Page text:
I’m writing this far too late to give you anything resembling an accurate picture of Quito. What I remember is that it was high up, rainy and cold quite a lot of the time, and didn’t really live up to its UNESCO Heritage status. That’s doubtlessly unfair: we were tired from having spent the previous six weeks on the road, and didn’t want to spend a lot of time exploring a new city. We’d booked four nights there, though, and had to stay until we could fly off to Colombia. It was nice to be on solid land and in a nice large hotel room with a proper bed, nevertheless.
We stayed in Floresta. It’s not a particularly flashy neighbourhood, but we found La Fonda del Parque, a rather nice Mexican taqueria and Ocho y Media, a small arthouse cinema with a cafe attached to it that, importantly, didn’t randomly decide to shut down for a few days while we were there. Shrove Monday was never a big thing when I was growing up, but quite a lot of Ecuador clearly disagrees.
We visited the middle of town on a grey and rainy day, but found some good places to hide from the rain. Casa-Museo María Augusta Urrutia, the 19th-century home of a rich philanthropist, is a lovely building stuffed rather too full of furniture, and has one of the first fully-plumbed bathrooms in Ecuador. The picture doesn't show it properly, but it also had two rather lovely stained glass windows for Maria Augusta to contemplate while she bathed.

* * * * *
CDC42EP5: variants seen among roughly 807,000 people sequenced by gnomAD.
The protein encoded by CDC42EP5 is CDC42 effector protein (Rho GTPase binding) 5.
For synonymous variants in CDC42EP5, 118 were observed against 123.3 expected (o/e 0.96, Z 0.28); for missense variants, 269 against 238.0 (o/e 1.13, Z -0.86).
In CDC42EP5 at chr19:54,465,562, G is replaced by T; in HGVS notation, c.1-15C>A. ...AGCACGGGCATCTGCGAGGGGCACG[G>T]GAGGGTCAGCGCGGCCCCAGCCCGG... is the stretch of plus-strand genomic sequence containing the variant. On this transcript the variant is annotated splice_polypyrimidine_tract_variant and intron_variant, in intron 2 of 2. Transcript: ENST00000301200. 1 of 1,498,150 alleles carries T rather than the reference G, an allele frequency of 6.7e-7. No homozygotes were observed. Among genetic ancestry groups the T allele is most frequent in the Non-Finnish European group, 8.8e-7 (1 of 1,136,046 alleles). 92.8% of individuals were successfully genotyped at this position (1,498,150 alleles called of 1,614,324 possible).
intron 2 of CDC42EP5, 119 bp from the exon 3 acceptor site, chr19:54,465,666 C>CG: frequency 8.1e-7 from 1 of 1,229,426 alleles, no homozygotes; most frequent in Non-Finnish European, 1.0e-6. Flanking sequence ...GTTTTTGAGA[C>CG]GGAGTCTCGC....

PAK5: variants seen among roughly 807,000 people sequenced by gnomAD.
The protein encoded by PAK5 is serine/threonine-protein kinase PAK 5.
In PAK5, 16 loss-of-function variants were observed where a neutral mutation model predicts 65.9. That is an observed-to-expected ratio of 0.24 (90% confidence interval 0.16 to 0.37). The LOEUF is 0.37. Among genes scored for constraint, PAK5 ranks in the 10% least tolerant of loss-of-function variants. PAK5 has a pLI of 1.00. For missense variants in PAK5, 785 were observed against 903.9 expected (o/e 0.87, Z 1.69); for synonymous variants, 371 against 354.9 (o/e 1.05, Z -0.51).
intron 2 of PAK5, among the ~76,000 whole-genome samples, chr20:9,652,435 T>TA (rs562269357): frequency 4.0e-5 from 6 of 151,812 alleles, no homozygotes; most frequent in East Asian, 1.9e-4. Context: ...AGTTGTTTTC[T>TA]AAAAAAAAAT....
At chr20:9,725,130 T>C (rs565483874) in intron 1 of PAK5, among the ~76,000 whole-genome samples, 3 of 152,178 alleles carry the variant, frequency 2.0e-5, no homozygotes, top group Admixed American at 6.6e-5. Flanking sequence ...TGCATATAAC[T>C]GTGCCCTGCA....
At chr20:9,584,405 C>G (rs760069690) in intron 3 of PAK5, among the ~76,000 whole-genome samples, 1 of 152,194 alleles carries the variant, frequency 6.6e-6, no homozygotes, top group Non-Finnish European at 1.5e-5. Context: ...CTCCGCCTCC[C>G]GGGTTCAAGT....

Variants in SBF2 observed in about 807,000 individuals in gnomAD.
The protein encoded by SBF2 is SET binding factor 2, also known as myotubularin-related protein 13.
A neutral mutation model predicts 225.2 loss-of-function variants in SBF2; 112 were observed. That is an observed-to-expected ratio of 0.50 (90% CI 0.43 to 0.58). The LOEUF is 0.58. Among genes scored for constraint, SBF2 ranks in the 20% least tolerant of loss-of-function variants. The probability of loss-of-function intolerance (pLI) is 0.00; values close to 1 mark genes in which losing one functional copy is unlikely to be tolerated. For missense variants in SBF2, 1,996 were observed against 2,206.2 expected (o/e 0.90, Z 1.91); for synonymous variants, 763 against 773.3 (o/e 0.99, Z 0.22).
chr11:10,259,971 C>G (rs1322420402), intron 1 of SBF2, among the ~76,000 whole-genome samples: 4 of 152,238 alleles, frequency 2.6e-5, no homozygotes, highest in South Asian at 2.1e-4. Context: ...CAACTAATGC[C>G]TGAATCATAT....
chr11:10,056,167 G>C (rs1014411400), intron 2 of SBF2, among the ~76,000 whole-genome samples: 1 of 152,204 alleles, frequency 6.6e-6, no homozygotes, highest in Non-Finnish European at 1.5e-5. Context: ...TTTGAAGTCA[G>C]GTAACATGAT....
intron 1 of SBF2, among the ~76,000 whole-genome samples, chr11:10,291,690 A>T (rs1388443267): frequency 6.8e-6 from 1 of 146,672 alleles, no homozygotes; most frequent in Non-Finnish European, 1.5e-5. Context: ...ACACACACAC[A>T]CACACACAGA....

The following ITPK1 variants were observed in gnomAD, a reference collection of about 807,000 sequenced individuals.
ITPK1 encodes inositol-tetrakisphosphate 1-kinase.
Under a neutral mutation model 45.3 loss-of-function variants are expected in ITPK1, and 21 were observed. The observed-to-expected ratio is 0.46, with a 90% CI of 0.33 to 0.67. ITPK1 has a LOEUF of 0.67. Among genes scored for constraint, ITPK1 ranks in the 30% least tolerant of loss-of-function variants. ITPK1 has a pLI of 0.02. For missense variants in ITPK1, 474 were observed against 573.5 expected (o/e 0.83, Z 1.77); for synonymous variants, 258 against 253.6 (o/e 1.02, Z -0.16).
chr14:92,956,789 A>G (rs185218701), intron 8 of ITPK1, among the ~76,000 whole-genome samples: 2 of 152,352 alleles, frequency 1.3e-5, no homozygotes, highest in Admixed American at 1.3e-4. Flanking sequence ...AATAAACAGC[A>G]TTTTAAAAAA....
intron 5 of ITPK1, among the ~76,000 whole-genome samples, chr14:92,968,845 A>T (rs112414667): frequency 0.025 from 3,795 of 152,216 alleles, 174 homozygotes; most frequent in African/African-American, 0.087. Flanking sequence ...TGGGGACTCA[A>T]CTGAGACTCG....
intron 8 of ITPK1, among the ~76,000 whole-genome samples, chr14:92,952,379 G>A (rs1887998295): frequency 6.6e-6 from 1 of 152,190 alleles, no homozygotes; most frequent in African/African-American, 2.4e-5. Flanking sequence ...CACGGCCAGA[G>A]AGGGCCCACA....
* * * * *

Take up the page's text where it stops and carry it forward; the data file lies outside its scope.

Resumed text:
The blingiest church I've ever seen, la Iglesia de la Compañía de Jesús, is apparently a baroque masterpiece. Here's a picture of the outside, resplendent with more decoration than a stone wedding cake. You can't take pictures inside, so you'll have to take my word about the shininess of the interior. The whole thing left me a little sickened by how much pillaging must have been required to pay for all the gold leaf.